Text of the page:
Cheers,
Venkat.

 
At 4:07 PM, Anonymous Sudhakar Sharma said...

According to my view about pharma Retail,the Subhiksha concept is not managed well otherwise this is a good model because mentality of indian customer is to get better discounts with genuine products.It`s not been conveyed to the right categories of customers.I being a Manager-Retail in one of the pharma Retail chain in North india undestand the up & down & depth of pharma Retail.If Subhiksha can add the better merchandising like Health supplements,Diagnostics & other FMCG range in there stores with bigger stores they can make a wide difference.

 
At 12:50 PM, Blogger Prasanth said...

Agree with Kaps comments. I was initially very impressed by Subiksha's concept and still am a customer there. But as Kaps pointed out, they have frequent stock out situations and the attitude of the people manning the counters irritates a lot of customers. They do have promotional news letters which initally used to be send to me by post/dropped in my apartment but even that has stopped. I often see the promotional news letters bunched together and stacked in a dusty area of the store. Once when i asked for a certain promotional item, the guy at the counter said that no promotions were available though the newsletter specifically mentioned it. Another issue is that they do not accept food coupons (Sodexo/Ticket) which makes me go and shop in Food world or Spencers or even the neighbour hood Kirana store which accepts them.
So the concept is good but implementation is lacking.

 
At 12:30 PM, Anonymous Jyothsnay said...

Hi Anand

I was searching for Papers on Retailing in India and stumbled upon your post, a well-written observation on the category, which further triggered off a set of interesting discussions.....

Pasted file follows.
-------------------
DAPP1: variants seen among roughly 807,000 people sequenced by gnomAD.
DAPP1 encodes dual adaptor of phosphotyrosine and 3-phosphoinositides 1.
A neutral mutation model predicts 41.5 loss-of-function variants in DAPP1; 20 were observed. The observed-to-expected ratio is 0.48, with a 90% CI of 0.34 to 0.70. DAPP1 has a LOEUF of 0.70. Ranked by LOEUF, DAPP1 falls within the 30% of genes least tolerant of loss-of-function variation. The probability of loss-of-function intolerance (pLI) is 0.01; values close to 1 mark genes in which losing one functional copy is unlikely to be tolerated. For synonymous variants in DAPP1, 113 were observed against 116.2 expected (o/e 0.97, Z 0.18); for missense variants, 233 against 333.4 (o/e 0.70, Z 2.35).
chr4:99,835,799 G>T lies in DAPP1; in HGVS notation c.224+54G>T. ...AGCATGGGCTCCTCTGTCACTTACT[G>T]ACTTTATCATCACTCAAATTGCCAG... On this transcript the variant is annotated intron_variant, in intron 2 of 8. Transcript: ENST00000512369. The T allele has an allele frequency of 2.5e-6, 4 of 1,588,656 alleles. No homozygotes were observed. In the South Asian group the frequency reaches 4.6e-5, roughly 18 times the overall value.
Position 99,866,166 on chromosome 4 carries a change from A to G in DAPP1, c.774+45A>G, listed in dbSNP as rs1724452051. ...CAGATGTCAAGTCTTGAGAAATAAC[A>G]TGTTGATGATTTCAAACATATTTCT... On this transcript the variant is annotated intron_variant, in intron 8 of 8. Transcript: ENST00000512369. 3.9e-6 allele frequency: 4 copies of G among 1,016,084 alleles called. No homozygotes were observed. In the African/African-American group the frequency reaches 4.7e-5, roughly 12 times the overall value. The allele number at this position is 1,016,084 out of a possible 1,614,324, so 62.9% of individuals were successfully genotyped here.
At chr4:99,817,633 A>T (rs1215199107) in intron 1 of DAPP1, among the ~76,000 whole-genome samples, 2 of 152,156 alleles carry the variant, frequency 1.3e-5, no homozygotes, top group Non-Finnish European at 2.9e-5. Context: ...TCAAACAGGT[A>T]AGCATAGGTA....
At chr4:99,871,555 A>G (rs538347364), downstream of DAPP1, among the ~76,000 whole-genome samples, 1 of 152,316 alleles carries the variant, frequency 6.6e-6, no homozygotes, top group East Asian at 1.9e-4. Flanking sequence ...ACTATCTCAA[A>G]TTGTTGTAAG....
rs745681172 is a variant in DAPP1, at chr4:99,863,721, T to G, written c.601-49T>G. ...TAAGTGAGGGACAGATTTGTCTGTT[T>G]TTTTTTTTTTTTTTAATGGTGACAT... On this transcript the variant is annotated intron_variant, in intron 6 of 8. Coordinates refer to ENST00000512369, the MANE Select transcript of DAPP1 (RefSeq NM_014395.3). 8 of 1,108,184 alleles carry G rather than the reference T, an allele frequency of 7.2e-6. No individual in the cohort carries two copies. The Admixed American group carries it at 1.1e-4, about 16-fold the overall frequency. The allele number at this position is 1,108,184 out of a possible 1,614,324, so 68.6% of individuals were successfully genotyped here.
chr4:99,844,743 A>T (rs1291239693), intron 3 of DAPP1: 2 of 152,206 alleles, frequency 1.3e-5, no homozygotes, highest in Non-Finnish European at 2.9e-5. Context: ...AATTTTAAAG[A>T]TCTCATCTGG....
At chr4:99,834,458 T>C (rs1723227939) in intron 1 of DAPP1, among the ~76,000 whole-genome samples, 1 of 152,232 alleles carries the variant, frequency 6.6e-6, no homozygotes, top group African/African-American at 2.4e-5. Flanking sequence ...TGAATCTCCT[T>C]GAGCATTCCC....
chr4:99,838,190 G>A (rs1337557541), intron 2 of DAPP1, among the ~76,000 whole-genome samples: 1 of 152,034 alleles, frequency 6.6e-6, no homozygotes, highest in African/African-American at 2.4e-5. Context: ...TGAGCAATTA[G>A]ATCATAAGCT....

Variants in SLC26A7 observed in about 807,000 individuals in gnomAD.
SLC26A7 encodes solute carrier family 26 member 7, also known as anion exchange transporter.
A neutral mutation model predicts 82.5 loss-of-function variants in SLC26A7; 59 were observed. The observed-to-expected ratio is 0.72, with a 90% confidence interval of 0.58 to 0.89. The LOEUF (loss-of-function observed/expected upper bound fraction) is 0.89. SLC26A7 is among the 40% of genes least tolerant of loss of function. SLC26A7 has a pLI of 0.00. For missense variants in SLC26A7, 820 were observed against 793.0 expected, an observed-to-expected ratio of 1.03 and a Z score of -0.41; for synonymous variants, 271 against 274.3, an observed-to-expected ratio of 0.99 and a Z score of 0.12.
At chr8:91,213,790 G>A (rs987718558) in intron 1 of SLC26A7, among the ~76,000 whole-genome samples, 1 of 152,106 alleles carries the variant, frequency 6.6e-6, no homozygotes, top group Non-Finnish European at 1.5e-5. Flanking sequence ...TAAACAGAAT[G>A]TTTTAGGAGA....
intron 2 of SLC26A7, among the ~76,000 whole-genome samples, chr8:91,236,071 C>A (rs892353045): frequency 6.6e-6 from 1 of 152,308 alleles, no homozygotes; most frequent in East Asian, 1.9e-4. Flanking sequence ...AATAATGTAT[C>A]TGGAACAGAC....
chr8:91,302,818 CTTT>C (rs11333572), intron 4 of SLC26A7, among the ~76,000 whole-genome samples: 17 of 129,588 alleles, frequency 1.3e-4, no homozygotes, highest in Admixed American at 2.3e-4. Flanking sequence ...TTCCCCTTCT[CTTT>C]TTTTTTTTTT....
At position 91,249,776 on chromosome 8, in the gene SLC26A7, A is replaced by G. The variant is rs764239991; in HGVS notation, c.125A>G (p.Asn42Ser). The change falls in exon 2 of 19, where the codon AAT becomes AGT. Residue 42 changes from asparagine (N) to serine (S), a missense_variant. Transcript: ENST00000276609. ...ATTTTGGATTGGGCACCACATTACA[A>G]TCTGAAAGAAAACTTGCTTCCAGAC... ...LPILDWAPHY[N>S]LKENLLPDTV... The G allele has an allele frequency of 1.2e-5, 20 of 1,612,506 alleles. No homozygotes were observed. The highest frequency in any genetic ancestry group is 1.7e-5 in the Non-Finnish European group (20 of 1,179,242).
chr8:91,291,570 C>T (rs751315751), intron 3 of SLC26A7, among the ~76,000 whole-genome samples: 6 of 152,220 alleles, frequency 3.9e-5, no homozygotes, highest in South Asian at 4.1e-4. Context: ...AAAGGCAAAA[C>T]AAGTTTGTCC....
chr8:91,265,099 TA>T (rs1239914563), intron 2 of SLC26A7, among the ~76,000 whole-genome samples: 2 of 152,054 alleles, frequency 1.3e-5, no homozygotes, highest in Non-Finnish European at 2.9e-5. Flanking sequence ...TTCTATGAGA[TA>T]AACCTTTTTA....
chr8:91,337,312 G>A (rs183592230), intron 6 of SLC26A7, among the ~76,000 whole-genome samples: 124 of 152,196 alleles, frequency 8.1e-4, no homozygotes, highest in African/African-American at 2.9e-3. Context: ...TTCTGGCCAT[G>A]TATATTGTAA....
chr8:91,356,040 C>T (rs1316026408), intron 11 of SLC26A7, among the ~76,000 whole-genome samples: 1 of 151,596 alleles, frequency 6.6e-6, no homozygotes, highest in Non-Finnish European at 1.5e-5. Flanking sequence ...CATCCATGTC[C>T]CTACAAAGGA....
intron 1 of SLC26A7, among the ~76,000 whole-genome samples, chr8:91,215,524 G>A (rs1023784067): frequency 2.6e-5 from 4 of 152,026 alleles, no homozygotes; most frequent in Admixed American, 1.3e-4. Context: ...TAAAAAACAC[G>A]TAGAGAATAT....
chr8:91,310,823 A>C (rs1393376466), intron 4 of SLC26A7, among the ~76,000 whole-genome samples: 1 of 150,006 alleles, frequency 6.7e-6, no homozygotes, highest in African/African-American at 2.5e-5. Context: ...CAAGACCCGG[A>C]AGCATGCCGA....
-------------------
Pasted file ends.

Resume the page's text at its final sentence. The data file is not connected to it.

Thank you

Jyotsna

 
At 12:25 PM, Anonymous Anil Dogra said...

what i think is that all formats will gain in india because the consumers are of all varieties. they will have to tweak their plans in between, control cost, but all formats will more or less succeed.

 
At 9:50 AM, Anonymous Anonymous said...

sir - I feel at the moment which ever the formate they are following will make them suite for the time but not at the long run. Its very interesting concepts that been come up but we have not yet strike the right cord for retail that will suite the customers as per their choice. Subhiksha is no where a retail store that you can go and injoy shopping despite all their 10% hording becasue the place is not been made for that, look around for medicnes and 60% of the products are not there nor they are seriouse about arranging it. you are disappointed rather then happy to go there, moreover the treatment is not be comment at all to a customer.

Indian Retailing formate is in the bigining but still we need to be very much focus with what we want to offer to the customer as we cant be everything to everybody. From day one we should be with the right focus so that in long run we can focus to our goal or we will lose by the time international competitors enter the market.

Thanks,
James

 
At 1:02 AM, Anonymous Anonymous said...

Dear all,
a lot has been said about Subhiksha and its below par customer service, but people fail to recognise that Subhiksha is able to give huge discounts only because it runs as a no-frills store, just as our no frills airlines like Air Deccan etc. work . There is just no way you can compare Jet Airways to Air Deccan because both thier target segments are different. Similarily Subhiksha targets the price conscious customer and not the one who looks for swanky showrooms and an Air-conditioned environment.Cutting on A.C. , setting up stores off the main areas, self-help concept etc. all helps it reduce electricity bills, rentals and salaries and only thus can it rake in money to offer 10% discount on almost all items. A survey conducted states that buying all grocery needs from Subhiksha helps one save over 3000-4000 per month. What more can one ask for? So guys, do not compare the uncomparable- a value provider cannot be compared to a premium service privider

 
At 12:17 PM, Anonymous Bhupesh said...

Subiksha (Bangalore) is what I was looking for. But after some months of shopping my visits to Subiksha has reduced because now
+) I know what they stock and what they do not have.
-) Some time I do not find worth saving 20-30/- costing additional trip it or Fab Mall.

-) Their vegetable supply is not fresh, you will end up making second trip to Sabji Mandi. But yes if you want to purchase ginger they are good. :)